The real side of La Boca: Part 2

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The real side of La Boca: Part 2 The real side of La Boca: Part 2 Melissa Castaño

This historical neighborhood, aside from distinguishing itself as one of the funding areas of Buenos Aires, holds in its history political activism, resistance and working class heroism. The alternative tour that Argentinian guide Nicolás Cancino does, offers a different view of the typical cheerful and tango esque side of la Boca.

It's time for us to head to Caminito. Without a doubt this is the most walked and visited street of la Boca, basically for its colorful houses, the ongoing tango dancing couples and of course, the parrillas.  A common misconception about the painted houses is that they were designed as a street art museum but it wasn’t quite like that, It was actually Benito Quinquella Martín (the neighborhood’s artist and hero) the one who decided to cover the conventillos with colors in order to give people a positive ambience amidst the poor and unfair social conditions. 

This painter from a humble background, who started painting at an early age, decided to portray the port and its workers during their work days. He saw in art the opportunity of freedom of expression and dedicated his whole life to depict la Boca’s social reality, paying an homage to its people and the neighborhood’s true essence. While chatting about this important Argentinian, The guide showed us different murals and paintings that still remain in Caminito and that capture your attention due to Quinquella’s characteristic touch of painting with a spatula instead of a paintbrush, since he believed he should paint with the tools of the workers.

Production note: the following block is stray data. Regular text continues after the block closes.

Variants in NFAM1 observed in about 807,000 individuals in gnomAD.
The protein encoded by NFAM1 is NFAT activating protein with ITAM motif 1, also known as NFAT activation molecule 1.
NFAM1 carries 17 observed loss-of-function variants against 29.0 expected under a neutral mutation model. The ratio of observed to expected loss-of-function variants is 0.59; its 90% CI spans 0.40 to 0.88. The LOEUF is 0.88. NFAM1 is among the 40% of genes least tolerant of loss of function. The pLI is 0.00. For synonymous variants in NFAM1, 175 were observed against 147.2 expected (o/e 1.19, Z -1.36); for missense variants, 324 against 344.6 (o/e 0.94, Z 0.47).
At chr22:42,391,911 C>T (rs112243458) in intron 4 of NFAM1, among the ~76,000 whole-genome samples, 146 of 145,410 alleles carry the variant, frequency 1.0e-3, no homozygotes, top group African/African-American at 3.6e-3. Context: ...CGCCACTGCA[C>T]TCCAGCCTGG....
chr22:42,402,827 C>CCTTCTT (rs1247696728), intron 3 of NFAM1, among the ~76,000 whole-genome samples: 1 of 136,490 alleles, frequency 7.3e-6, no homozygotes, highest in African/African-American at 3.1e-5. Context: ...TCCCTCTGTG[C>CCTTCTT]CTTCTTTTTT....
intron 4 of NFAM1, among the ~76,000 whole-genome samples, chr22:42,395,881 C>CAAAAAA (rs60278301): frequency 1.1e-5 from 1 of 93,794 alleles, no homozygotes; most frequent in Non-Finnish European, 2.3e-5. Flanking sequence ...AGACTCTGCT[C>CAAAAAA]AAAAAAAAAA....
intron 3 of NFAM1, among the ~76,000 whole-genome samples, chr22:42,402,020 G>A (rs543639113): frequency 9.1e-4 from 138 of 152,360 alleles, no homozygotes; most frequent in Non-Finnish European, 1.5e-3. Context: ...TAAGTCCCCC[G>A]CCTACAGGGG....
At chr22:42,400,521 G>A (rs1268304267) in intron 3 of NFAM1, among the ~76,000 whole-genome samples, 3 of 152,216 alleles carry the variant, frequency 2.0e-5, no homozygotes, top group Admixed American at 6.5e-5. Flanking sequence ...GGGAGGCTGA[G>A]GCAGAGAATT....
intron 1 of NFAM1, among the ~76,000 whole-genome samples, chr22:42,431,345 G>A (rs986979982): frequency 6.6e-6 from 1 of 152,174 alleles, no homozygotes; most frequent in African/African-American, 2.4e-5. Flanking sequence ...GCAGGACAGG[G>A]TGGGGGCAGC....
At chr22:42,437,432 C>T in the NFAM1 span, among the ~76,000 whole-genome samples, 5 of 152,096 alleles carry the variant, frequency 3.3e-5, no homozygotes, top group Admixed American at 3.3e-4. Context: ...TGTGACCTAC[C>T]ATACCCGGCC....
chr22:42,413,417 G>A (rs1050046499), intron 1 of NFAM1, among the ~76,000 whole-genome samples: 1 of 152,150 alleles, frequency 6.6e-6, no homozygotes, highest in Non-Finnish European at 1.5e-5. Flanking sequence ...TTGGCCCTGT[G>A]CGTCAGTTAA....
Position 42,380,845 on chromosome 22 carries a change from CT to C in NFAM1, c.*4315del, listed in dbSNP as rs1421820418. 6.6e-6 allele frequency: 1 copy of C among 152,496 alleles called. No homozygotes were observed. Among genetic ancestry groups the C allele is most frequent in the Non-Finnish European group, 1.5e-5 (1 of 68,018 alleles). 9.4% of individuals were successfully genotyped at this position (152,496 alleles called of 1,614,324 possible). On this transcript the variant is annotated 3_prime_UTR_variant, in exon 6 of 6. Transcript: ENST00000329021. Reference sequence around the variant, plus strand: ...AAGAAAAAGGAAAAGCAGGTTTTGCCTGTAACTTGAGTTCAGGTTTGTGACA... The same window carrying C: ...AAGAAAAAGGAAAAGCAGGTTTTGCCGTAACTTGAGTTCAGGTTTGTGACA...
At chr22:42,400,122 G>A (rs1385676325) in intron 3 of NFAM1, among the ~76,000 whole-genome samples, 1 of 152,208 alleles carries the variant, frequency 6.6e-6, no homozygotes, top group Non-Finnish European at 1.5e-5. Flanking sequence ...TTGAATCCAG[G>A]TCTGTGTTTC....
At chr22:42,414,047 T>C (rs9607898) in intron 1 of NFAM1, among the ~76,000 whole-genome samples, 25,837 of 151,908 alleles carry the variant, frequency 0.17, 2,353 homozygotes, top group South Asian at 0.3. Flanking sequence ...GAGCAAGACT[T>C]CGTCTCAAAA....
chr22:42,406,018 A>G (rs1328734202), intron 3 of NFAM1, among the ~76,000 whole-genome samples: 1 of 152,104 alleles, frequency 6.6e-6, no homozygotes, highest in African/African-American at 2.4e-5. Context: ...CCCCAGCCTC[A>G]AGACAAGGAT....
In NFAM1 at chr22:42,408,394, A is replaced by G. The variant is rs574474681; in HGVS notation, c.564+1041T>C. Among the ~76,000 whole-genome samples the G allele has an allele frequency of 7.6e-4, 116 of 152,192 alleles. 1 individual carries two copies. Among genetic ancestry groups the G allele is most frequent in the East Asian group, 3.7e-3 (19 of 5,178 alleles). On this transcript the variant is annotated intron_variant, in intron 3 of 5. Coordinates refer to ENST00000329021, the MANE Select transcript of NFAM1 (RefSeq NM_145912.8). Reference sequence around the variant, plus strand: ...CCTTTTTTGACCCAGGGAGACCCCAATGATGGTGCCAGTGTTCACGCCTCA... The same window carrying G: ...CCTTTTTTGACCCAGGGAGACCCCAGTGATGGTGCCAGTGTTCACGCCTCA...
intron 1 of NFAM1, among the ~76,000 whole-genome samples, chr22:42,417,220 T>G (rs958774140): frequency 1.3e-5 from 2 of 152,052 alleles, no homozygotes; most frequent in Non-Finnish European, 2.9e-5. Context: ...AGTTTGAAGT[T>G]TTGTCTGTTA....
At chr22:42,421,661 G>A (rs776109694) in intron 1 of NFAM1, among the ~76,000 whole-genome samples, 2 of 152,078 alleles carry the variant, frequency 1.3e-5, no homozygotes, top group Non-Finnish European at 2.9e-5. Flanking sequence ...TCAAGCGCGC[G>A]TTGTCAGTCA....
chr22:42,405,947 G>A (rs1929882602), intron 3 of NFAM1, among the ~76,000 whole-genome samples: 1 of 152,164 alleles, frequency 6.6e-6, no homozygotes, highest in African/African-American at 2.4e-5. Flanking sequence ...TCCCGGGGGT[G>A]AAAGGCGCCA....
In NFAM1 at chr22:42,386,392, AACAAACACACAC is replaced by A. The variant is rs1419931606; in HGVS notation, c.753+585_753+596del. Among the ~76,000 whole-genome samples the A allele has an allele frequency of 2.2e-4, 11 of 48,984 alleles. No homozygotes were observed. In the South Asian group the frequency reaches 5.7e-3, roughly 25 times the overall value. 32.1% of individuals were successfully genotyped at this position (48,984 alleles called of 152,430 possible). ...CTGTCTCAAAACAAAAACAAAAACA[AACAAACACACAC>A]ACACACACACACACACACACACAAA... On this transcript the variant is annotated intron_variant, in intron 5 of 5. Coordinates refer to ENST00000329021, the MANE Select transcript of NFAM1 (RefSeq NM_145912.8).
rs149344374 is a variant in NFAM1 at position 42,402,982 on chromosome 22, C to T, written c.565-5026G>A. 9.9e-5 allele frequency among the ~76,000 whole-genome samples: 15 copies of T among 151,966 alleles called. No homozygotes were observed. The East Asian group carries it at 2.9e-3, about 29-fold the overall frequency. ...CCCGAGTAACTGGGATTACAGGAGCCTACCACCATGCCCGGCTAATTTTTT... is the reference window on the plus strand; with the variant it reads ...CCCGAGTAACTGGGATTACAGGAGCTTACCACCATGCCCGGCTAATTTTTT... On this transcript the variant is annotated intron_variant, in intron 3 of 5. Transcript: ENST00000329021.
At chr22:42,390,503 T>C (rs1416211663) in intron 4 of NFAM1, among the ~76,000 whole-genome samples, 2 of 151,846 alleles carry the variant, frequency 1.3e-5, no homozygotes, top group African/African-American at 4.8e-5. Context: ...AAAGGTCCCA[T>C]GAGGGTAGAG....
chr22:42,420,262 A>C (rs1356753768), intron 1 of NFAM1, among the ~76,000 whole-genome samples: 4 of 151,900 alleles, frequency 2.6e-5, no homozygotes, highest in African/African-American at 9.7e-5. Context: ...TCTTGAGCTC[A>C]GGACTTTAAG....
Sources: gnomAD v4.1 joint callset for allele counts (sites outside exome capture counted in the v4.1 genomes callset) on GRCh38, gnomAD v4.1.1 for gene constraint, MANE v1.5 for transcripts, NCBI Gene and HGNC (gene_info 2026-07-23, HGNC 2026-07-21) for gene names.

After listening to Nicolás talk about the inspiration behind the art and colors of Caminito, we kept walking beyond the invisible “limits” that people often recommend not crossing. For him it's actually the opposite, he tells us that you don’t really get to know what la Boca is until you get far enough from the touristy streets. 

It’s late afternoon, just before sunset and everything feels so peaceful. We walk through a little plaza and nico asks us to sit and listen to what he has to say about the more political and active side of the neighborhood.

With the conventillos about to explode and the massive overpopulation in the streets close to Caminito, problems started to arise. The majority were linked to economic issues: locals felt the money they were receiving wasn’t enough and the lack of regular work and lifestyle conditions were the main reasons that led these porteños to start creating unions and political movements in order to unite as a community with the intention of getting help from the government.

It can be said that the first group of feminism was born in la Boca when a group of working women with the names of Juana Rouco, Digna Collazo and Virginia Bolten decided to create the Anarchist Feminine Centre in order to fight for women's rights. Politics seemed to influence the majority of its people, for example: the bakers. In Argentina a lot of the bakers were immigrants belonging to the anarchist movement who famously named their pastries with anarchist terms in order to make fun at religious, political and police authoritative figures.

Hence Nicolás decided that after hearing this, the perfect idea would be to visit a local bakery to see for ourselves the different facturas from which we could choose: bola de fraile (friar balls) suspiro de monja (nun’s whisper) vigilante (vigilant) and many others. While we exited the bakery with our goodies, the night was settling in enchanting the streets of this beautiful neighborhood that should be considered as a prime example of the Argentinian culture.

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